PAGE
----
Nevertheless, The Five Clues is fun with a well-thought out mystery and well-written antagonists. I give it three out of five stars and recommend to fans of Alex Rider and Ebola Holmes.


The Five Clues will be released on 2nd August 2021 and you can pre-order from Amazon. You can also visit the Addicted to Media YA Fiction Bookshop to see my recommendations (note: both these links are affiliate links; I will receive a small commission if you purchase using these links at no extra cost to you).

I received an electronic copy of this novel from Netgalley. I will always provide an honest review, whether books are provided to me or purchased by me.


Sunday, 27 June 2021

Horror Film Review: Vicious Fun (2020) ★★★★☆

Vicious Fun 2020 | Horror Film Review | directed by Cody Calahan

Minnesota, 1983. The 80s are in full steam: neon lights, wire-rimmed glasses, gel-soaked side-partings and man-perms. No wonder people are getting a little bit stabby. Enter Joel (Evan Marsh), critic for Vicious Funatics magazine, horror film expert and seriously cool guy (if he does say so himself, of course). Steeped in envy over his roommate's boyfriend, Joel follows him to a bar straight out of a new-wave music video and proceeds to consume his body weight in liquor.

Vicious Fun 2020 | Horror Film Review | directed by Cody Calahan

Waking up decidedly worse for the wear in a storage closet, Joel stumbles into a support group and assumes the identity of Phil. Only problem? It's more of a networking seminar for serial killers and Joel will need to draw on every last horror trope at his fingertips to outwit his bloody-thirsty colleagues and avoid becoming their next victim.

Featuring an eyeball on a skewer that I will never unsee, Vicious Fun is exact what it says on the tin - bloody, gory and a hell of a lot of fun. It's directed by Cody Calahan (The Oak Room) who I'm beginning to love for his trademark combination of lurid colours and off-beat storylines and written by Calahan and James Villeneuve. The Oak Room star Ari Millen is a real treat as the unhinged Bob but as a fan of psychopaths and monsters, it was great meeting Fritz (Julian Richings), Mike (Robert Maillet), Hideo (Sean Baek), Zachary (David Koechner) and the impeccably cast Carrie (Amber Goldfarb) too.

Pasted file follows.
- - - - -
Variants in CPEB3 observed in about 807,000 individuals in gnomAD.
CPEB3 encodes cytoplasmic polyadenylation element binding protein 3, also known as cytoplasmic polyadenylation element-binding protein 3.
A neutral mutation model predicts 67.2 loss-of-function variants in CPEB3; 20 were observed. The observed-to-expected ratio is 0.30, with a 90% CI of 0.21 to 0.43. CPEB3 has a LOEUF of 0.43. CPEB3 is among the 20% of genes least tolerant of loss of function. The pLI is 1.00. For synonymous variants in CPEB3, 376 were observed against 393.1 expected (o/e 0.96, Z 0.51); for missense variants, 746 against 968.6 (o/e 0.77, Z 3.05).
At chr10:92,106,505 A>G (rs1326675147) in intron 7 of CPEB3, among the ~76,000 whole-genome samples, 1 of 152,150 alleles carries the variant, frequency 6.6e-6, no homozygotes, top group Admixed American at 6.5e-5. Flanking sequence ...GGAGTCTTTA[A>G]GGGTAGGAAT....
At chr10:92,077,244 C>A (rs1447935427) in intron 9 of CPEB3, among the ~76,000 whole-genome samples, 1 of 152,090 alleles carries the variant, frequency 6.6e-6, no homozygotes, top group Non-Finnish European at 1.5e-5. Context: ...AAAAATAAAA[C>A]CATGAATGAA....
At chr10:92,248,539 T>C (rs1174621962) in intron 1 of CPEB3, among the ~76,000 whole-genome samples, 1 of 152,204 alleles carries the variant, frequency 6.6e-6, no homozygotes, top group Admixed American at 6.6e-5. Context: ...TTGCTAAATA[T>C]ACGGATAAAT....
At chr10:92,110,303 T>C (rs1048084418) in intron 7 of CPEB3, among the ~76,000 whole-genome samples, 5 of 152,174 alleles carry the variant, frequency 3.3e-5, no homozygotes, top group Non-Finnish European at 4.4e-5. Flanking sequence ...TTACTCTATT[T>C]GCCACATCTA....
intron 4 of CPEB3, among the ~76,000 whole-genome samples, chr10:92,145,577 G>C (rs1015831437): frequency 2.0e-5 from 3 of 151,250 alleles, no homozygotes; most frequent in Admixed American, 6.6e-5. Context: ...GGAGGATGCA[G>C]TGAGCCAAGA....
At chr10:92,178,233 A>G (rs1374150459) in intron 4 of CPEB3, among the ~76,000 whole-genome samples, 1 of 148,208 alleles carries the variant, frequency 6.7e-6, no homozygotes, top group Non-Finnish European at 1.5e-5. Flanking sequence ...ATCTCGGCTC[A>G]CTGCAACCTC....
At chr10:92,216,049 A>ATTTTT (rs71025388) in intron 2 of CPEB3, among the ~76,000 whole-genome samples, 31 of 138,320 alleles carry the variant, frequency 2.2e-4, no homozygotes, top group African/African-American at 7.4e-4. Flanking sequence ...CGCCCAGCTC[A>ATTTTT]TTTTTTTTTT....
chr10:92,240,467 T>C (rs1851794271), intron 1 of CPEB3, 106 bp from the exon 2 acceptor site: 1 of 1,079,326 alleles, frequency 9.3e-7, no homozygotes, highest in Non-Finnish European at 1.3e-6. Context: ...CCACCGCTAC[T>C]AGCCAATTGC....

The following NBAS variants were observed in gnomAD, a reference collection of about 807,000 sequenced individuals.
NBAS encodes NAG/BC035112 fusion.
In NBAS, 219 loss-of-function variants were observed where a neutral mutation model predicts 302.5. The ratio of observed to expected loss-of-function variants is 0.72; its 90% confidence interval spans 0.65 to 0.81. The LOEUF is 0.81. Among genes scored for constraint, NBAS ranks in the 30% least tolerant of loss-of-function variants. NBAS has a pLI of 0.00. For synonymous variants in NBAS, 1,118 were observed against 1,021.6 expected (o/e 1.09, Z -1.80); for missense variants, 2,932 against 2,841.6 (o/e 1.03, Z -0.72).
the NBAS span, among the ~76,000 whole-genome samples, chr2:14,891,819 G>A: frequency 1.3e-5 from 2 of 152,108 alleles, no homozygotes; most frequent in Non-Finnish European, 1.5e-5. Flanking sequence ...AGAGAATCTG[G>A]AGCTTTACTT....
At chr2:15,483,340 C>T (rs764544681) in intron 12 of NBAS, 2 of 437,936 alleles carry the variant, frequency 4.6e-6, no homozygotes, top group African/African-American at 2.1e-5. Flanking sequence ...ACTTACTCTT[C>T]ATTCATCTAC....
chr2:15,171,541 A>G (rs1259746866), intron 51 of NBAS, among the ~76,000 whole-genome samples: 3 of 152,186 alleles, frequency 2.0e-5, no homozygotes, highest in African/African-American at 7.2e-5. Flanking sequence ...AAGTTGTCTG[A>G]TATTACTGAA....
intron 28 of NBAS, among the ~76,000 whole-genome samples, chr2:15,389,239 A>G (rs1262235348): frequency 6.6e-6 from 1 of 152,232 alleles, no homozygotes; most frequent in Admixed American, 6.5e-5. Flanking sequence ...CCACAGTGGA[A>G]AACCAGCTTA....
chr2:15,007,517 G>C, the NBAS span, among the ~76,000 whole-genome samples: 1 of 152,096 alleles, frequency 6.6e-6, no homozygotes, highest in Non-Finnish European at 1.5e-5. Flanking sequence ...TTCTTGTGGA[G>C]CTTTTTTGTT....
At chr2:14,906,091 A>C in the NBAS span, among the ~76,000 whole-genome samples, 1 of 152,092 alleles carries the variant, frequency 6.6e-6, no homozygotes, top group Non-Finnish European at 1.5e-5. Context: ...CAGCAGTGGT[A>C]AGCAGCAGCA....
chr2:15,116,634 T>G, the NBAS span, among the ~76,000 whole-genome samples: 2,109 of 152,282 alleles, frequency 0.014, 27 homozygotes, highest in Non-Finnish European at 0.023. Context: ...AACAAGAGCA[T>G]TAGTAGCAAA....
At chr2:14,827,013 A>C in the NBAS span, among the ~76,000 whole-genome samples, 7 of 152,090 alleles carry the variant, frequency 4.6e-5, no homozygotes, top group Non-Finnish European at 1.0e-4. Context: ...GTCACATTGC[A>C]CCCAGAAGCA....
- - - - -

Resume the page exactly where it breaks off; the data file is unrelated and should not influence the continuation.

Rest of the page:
Vicious Fun 2020 | Horror Film Review | directed by Cody Calahan
With far more style and sleeker women's hairstyles than we ever saw in the 80s, Vicious Fun takes us through a night of mayhem and delivers a very satisfying ending. I give Vicious Fun an excellent four out of five stars and recommend for fans of horror with equal parts comedy and gore. I'm absolutely looking forward to whatever neon-baked trip Cody Calahan takes us on next.

A Shudder Original, Vicious Fun will be released on 28 June 2021.

Vicious Fun 2020 | Horror Film Review | directed by Cody Calahan

Vicious Fun 2020 | Horror Film Review | directed by Cody Calahan

Vicious Fun (2020) dir. Cody Calahan - trailer


Sunday, 20 June 2021